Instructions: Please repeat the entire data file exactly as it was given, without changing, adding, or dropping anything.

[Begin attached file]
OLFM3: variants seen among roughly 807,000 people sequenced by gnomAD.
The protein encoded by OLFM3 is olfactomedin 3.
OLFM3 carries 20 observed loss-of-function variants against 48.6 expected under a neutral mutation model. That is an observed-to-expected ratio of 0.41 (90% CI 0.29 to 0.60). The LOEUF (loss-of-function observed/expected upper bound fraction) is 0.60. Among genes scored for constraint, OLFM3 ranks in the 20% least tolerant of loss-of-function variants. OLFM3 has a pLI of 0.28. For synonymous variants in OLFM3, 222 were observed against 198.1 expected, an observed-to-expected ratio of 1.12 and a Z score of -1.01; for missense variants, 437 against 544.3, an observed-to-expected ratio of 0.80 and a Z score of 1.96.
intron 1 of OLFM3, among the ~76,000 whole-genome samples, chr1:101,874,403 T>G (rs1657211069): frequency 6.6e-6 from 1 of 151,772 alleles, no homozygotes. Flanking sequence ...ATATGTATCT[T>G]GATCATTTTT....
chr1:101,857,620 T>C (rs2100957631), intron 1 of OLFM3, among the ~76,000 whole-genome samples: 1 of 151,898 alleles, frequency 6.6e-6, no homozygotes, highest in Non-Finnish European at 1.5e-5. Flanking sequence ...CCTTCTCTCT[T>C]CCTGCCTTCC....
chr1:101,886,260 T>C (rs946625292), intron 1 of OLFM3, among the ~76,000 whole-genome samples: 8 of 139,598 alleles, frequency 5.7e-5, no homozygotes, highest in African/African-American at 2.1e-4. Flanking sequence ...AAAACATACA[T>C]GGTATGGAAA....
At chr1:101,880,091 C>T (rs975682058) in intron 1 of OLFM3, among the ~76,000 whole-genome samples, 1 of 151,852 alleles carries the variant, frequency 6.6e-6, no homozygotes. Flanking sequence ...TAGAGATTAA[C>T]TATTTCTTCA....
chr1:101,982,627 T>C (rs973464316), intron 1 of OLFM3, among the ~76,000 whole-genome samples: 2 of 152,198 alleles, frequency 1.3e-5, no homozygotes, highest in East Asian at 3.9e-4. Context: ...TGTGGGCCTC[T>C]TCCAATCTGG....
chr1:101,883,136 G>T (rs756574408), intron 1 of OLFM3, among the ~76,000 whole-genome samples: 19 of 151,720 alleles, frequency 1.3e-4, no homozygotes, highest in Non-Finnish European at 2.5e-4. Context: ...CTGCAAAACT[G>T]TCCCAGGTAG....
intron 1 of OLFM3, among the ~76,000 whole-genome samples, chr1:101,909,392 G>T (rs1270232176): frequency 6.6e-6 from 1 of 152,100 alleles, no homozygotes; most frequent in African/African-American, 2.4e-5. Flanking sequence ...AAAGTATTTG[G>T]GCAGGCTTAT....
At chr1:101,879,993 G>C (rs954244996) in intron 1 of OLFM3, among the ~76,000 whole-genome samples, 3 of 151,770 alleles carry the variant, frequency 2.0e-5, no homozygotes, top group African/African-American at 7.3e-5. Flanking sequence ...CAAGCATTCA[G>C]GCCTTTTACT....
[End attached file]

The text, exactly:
OLFM3: variants seen among roughly 807,000 people sequenced by gnomAD.
The protein encoded by OLFM3 is olfactomedin 3.
OLFM3 carries 20 observed loss-of-function variants against 48.6 expected under a neutral mutation model. That is an observed-to-expected ratio of 0.41 (90% CI 0.29 to 0.60). The LOEUF (loss-of-function observed/expected upper bound fraction) is 0.60. Among genes scored for constraint, OLFM3 ranks in the 20% least tolerant of loss-of-function variants. OLFM3 has a pLI of 0.28. For synonymous variants in OLFM3, 222 were observed against 198.1 expected, an observed-to-expected ratio of 1.12 and a Z score of -1.01; for missense variants, 437 against 544.3, an observed-to-expected ratio of 0.80 and a Z score of 1.96.
intron 1 of OLFM3, among the ~76,000 whole-genome samples, chr1:101,874,403 T>G (rs1657211069): frequency 6.6e-6 from 1 of 151,772 alleles, no homozygotes. Flanking sequence ...ATATGTATCT[T>G]GATCATTTTT....
chr1:101,857,620 T>C (rs2100957631), intron 1 of OLFM3, among the ~76,000 whole-genome samples: 1 of 151,898 alleles, frequency 6.6e-6, no homozygotes, highest in Non-Finnish European at 1.5e-5. Flanking sequence ...CCTTCTCTCT[T>C]CCTGCCTTCC....
chr1:101,886,260 T>C (rs946625292), intron 1 of OLFM3, among the ~76,000 whole-genome samples: 8 of 139,598 alleles, frequency 5.7e-5, no homozygotes, highest in African/African-American at 2.1e-4. Flanking sequence ...AAAACATACA[T>C]GGTATGGAAA....
At chr1:101,880,091 C>T (rs975682058) in intron 1 of OLFM3, among the ~76,000 whole-genome samples, 1 of 151,852 alleles carries the variant, frequency 6.6e-6, no homozygotes. Flanking sequence ...TAGAGATTAA[C>T]TATTTCTTCA....
chr1:101,982,627 T>C (rs973464316), intron 1 of OLFM3, among the ~76,000 whole-genome samples: 2 of 152,198 alleles, frequency 1.3e-5, no homozygotes, highest in East Asian at 3.9e-4. Context: ...TGTGGGCCTC[T>C]TCCAATCTGG....
chr1:101,883,136 G>T (rs756574408), intron 1 of OLFM3, among the ~76,000 whole-genome samples: 19 of 151,720 alleles, frequency 1.3e-4, no homozygotes, highest in Non-Finnish European at 2.5e-4. Context: ...CTGCAAAACT[G>T]TCCCAGGTAG....
intron 1 of OLFM3, among the ~76,000 whole-genome samples, chr1:101,909,392 G>T (rs1270232176): frequency 6.6e-6 from 1 of 152,100 alleles, no homozygotes; most frequent in African/African-American, 2.4e-5. Flanking sequence ...AAAGTATTTG[G>T]GCAGGCTTAT....
At chr1:101,879,993 G>C (rs954244996) in intron 1 of OLFM3, among the ~76,000 whole-genome samples, 3 of 151,770 alleles carry the variant, frequency 2.0e-5, no homozygotes, top group African/African-American at 7.3e-5. Flanking sequence ...CAAGCATTCA[G>C]GCCTTTTACT....